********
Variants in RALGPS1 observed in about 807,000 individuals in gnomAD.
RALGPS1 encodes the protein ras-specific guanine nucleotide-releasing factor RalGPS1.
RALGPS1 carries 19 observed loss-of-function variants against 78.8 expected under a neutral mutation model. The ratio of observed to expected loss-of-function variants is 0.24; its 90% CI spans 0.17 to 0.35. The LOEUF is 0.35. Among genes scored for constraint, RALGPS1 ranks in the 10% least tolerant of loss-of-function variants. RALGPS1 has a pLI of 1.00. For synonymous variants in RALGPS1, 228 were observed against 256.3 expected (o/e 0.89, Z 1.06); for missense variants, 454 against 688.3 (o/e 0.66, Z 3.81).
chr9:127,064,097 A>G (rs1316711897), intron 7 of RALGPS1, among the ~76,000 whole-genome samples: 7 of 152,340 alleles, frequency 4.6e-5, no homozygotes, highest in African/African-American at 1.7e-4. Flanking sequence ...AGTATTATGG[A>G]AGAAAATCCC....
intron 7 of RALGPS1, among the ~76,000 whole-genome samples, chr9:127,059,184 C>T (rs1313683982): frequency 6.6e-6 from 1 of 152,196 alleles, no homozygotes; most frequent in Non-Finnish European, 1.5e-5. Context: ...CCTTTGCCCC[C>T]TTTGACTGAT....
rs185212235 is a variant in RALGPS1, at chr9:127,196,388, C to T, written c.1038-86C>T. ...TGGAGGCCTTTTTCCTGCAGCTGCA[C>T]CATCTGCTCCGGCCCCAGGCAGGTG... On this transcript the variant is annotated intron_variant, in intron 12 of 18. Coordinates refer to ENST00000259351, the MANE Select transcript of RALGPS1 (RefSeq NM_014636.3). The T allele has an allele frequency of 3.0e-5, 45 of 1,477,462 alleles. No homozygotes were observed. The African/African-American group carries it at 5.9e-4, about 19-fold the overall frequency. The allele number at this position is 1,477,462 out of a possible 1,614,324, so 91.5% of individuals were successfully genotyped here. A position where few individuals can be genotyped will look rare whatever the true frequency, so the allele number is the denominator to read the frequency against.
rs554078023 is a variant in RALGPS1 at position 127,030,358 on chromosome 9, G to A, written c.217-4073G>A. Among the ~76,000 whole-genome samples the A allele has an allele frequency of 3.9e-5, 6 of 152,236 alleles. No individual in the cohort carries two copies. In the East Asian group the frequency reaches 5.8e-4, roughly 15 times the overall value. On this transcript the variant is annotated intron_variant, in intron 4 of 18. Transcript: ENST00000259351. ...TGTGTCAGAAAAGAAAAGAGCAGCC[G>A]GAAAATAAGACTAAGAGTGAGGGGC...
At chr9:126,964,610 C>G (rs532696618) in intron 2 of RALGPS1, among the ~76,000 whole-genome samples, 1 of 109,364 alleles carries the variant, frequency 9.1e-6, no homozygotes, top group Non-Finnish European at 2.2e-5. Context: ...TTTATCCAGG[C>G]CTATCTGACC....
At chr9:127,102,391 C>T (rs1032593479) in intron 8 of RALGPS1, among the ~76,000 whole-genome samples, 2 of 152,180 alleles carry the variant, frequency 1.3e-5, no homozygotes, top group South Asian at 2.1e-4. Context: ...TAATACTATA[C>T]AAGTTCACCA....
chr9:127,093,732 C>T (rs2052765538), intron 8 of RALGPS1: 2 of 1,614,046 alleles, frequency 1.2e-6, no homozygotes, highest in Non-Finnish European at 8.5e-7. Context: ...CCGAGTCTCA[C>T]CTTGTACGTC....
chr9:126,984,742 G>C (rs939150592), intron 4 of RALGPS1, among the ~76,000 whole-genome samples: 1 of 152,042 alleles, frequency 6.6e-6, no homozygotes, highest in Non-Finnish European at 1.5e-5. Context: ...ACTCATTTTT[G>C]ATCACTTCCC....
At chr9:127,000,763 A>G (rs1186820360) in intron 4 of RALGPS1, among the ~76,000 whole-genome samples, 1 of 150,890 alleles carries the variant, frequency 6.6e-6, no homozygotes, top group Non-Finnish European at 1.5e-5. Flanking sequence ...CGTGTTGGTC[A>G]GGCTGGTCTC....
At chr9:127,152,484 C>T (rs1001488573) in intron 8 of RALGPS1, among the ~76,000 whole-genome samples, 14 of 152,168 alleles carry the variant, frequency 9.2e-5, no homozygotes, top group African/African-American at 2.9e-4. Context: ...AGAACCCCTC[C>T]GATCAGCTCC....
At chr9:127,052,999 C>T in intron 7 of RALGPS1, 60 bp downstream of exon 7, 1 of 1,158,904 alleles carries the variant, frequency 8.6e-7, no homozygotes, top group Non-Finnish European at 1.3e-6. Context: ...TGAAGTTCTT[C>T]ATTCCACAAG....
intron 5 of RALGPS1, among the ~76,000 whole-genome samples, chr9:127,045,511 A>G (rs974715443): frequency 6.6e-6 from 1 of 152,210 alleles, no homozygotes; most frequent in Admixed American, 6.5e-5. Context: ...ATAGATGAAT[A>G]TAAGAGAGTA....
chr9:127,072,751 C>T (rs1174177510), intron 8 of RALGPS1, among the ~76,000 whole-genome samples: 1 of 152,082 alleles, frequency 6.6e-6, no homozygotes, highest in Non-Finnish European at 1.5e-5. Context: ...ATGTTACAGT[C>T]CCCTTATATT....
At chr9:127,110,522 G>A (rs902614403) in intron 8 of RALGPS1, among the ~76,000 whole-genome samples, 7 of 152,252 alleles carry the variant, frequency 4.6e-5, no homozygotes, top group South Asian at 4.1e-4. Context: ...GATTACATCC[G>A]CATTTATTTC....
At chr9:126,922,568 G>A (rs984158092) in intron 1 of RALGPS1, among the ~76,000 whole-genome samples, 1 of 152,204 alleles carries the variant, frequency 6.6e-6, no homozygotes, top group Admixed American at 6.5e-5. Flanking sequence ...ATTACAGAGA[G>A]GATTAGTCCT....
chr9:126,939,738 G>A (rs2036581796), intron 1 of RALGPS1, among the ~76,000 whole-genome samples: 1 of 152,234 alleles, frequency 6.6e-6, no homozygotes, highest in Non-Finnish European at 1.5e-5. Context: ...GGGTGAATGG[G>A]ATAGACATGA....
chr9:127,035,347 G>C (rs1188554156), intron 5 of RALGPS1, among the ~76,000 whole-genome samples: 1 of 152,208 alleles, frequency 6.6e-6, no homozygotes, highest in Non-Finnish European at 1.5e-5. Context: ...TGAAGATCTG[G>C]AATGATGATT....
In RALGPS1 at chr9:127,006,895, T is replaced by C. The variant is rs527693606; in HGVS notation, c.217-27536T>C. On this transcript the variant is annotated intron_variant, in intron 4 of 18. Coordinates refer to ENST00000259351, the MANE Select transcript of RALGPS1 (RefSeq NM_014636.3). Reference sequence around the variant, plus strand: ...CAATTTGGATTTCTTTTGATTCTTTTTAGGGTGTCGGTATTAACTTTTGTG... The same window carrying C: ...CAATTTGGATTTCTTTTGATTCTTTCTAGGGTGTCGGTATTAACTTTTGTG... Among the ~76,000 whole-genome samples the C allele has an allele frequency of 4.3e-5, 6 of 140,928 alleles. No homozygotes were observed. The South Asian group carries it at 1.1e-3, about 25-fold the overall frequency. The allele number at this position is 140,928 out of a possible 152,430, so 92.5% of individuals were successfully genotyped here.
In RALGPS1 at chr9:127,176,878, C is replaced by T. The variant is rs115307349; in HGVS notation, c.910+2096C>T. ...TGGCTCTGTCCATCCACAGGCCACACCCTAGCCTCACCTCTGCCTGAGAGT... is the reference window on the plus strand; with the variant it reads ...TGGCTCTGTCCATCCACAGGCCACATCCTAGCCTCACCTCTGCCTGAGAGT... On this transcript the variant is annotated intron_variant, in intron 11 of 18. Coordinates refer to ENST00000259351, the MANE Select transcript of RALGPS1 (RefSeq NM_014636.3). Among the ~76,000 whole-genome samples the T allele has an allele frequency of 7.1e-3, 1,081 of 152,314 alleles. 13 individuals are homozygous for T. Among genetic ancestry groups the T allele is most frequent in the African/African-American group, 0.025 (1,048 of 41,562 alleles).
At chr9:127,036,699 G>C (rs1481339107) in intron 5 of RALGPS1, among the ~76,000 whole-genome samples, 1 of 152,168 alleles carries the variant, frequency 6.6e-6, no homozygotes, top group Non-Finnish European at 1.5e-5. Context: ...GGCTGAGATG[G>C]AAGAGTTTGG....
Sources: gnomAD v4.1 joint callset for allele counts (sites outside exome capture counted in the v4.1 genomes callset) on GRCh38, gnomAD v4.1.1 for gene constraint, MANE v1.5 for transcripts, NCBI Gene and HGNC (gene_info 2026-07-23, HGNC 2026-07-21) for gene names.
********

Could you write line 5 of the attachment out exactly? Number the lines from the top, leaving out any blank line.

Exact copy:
intron 7 of RALGPS1, among the ~76,000 whole-genome samples, chr9:127,059,184 C>T (rs1313683982): frequency 6.6e-6 from 1 of 152,196 alleles, no homozygotes; most frequent in Non-Finnish European, 1.5e-5. Context: ...CCTTTGCCCC[C>T]TTTGACTGAT....